A trunk show is one of the most productive business strategies to generate revenue, excitement, and buzz for your dispensary.
This type of marketing is known as "guerrilla marketing." The term refers to any low-cost, unconventional marketing activity that is deployed in an unforgiving or hostile market environment. Trunk shows' success relies heavily on human energy and imagination to plan and execute. They are interactive and generate lots of buzz (customer interest).
Last week I visited a practice in Indianapolis (20/20 Eye Physicians; 317/871-5900) that recently held a successful trunk show. The manager, Wendy, raved over the results, saying that in one day her dispensary did about three times its normal weekly volume. I asked Wendy if she would share some of her secrets. The following is adapted from her comments and includes some of my own.
• Find a good partner. Wendy polls the people who represent her most popular frames. She is looking for a company that is willing to be her partner. Wendy is particularly interested in three things:
Selection. She wants customers to have a very broad selection; perhaps 1,000 frames from the vendor. It is best if the selection includes frames that are never or not commonly available in the market.
Help. During the event the dispensary will be crowded. Wendy wants a representative willing to engage customers. In other words, he or she must help patients chose frames.
Promotional support. This includes giving the practice one or more free frames. These are offered as door prizes. Such door prizes can be used to generate interest in the event. I suggest that when you advertise your event the free frame drawing be limited to the first 50 people who sign up to attend. Traditionally vendors have also provided marketing dollars or cooperative advertising support.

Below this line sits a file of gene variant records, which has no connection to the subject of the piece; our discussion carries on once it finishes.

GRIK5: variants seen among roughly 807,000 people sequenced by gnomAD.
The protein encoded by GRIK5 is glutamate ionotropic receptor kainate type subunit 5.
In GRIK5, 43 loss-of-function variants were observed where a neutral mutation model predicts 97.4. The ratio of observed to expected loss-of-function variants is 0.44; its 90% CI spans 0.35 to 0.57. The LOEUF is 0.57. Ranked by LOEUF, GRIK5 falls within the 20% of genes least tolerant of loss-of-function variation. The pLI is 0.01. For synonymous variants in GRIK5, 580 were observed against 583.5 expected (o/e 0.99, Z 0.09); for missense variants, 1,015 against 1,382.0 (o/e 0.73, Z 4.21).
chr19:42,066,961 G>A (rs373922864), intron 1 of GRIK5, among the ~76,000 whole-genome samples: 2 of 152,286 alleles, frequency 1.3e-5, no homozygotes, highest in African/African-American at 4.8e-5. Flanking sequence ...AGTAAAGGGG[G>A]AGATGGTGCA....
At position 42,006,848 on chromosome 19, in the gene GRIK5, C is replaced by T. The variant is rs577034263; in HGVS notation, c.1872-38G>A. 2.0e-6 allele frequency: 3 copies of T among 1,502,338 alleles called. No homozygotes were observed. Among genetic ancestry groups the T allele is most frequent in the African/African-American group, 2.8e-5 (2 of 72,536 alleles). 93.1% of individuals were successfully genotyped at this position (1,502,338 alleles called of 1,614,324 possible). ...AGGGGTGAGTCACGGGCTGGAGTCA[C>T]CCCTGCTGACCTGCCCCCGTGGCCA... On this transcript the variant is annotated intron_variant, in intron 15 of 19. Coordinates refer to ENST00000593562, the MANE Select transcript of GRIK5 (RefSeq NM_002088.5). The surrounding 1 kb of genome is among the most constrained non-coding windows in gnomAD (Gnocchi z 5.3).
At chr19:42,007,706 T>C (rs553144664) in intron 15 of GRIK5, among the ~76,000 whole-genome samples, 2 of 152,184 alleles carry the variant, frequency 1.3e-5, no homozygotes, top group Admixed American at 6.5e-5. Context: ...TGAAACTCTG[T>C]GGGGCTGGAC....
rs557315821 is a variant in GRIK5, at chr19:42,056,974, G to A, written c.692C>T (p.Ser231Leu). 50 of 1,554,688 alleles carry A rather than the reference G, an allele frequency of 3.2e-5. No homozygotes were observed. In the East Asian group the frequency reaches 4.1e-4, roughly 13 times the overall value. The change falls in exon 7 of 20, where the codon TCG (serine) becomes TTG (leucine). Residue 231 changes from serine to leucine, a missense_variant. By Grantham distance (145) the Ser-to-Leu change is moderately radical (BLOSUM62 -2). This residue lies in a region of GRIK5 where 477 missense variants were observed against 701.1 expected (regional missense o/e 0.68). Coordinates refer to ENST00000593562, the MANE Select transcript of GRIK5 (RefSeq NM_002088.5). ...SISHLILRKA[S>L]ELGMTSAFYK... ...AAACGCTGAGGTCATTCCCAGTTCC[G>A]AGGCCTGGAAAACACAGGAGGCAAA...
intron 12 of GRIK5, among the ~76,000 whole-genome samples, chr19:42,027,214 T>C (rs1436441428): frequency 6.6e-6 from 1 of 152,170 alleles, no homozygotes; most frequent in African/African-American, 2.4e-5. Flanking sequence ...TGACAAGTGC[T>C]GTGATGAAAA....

• Food. "Feed them and they will come" is an adaptation of a line from the movie "Field of Dreams." People are more willing to attend a function when refreshments and food are served. Food for a trunk show ranges from snacks to light or heavy hors d'oeuvres. One practice served sushi.
The closer the event is to mealtime, the more important it is to serve food. This year one of Wendy's friends brought a cappuccino maker and served freshly brewed espresso. This was a nice touch and filled the dispensary with an intoxicating aroma.
• Time. You will need to decide how long the trunk show will run. Wendy's ran for an entire 9-hour day. This is a long time for a trunk show. Generally 4 hours is enough time. However, I have seen such events run 2 days. It all depends on how much your customers will support the event.
Decide what time of day to hold the event. Some practices try to avoid evening hours. Other practices think more people will attend if at least some of the event takes place after regular business hours.
• Advertising. The success of a trunk show depends on the ability to get the word out to customers and potential customers. Wendy created fliers. These were placed in the optical department and on the front counter. I know of practices that distributed fliers to the other tenants in their building, who distributed them to their customers and patients. One practice even asked a local drugstore to stuff customer bags with the fliers. This proved to be very productive.
Signage is also important. Besides placards on countertops throughout the practice, such as pretest and examination rooms, it may be possible for temporary signage to be placed in hallways within your building, in the parking lot, or even on the street.